Congress protects Internet radio

Measure to prevent brutal hike in royalty rates

Internet radio operators expressed cautious optimism regarding congressional approval of a deal designed to help them survive a recent steep hike in royalty rates.

“This legislation is not the final answer, but it is an essential step toward a lasting and much-needed solution,” said SaveNetRadio spokesman Jake Ward in a statement Wednesday, referring to Senate approval of the Webcaster Settlement Act of 2008.

Webcasters and SoundExchange, a nonprofit that collects royalty payments from digital radio companies, have been trying to negotiate an agreement since early 2007, when the Copyright Royalty Board increased rates for digital radio by at least 300%. According to SaveNetRadio, numerous webcasters have felt an “immediate and devastating effect,” with three of the most popular operators — AOL Radio, Yahoo Radio and Pandora — having already limited listener access, shut down or announced a likely shuttering if the rates aren’t dramatically lowered.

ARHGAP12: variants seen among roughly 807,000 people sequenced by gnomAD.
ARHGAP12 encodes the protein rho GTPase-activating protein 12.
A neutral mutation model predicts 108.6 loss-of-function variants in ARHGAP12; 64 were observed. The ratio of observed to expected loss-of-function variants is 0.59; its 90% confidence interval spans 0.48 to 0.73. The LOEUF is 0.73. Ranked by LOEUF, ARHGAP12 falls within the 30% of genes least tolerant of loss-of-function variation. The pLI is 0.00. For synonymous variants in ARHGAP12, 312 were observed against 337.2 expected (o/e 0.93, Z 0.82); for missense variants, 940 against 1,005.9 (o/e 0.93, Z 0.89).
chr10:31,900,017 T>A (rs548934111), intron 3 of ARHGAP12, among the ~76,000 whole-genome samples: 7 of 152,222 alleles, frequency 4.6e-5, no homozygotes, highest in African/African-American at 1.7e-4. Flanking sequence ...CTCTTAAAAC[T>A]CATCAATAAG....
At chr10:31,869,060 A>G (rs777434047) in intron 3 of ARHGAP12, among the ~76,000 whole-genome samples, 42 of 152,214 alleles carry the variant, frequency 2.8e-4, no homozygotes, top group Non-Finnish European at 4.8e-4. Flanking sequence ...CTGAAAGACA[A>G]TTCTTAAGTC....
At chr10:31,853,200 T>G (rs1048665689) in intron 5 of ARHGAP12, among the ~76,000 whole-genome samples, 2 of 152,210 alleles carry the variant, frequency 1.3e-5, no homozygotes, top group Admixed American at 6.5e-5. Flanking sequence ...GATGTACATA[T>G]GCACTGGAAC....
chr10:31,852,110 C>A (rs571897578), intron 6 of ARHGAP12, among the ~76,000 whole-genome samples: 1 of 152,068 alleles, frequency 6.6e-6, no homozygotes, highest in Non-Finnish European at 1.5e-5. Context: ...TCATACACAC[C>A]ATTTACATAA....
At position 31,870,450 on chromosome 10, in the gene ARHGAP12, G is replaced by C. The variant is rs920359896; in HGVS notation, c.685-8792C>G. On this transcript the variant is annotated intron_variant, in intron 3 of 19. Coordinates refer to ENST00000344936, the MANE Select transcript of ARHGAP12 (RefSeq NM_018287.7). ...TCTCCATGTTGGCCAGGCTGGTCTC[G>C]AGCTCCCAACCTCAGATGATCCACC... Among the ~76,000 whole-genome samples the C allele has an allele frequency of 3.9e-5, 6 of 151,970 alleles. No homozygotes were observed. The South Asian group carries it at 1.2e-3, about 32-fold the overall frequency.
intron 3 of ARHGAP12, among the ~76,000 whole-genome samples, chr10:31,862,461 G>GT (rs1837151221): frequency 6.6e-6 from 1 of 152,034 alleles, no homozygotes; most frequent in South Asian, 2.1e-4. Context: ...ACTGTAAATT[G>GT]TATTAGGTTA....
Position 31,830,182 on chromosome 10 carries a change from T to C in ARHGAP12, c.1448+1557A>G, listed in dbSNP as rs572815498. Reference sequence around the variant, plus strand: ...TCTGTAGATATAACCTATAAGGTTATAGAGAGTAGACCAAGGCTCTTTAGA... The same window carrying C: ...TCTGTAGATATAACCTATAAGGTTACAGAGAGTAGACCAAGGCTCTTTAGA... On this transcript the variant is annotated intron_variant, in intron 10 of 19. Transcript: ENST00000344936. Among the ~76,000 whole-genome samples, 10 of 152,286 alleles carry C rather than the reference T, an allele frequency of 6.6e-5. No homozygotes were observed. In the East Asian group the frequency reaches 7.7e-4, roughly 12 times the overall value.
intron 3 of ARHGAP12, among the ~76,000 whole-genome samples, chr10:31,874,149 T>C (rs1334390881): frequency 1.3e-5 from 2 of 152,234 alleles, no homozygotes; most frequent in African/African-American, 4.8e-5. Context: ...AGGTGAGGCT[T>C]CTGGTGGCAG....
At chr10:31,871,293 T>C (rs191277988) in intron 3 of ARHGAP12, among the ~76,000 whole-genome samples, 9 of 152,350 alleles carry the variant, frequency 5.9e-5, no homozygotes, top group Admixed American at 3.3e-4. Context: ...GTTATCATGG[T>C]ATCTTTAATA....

But since webcasting copyrighted music requires a government license — and with Congress about to recess with no rate agreement reached yet — the Senate approved legislation that would confer congressional acceptance of any agreement webcasters and SoundExchange may hammer out before recess ends.

The House approved the bill, sponsored by Rep. Jay Inslee (D-Wash.), last week. President George Bush is expected to sign it.

Some webcasters were hopeful that the legislation would facilitate an agreement, perhaps sooner rather than later.

Though both sides have reported progress in the ongoing negotiations — public radio has already worked out a deal — SoundExchange was less sanguine about prospects for an agreement with commercial webcasters. “We are hopeful, but we’ve been close at other times during the past 18 months,” said SoundExchange exec director John Simson in a statement.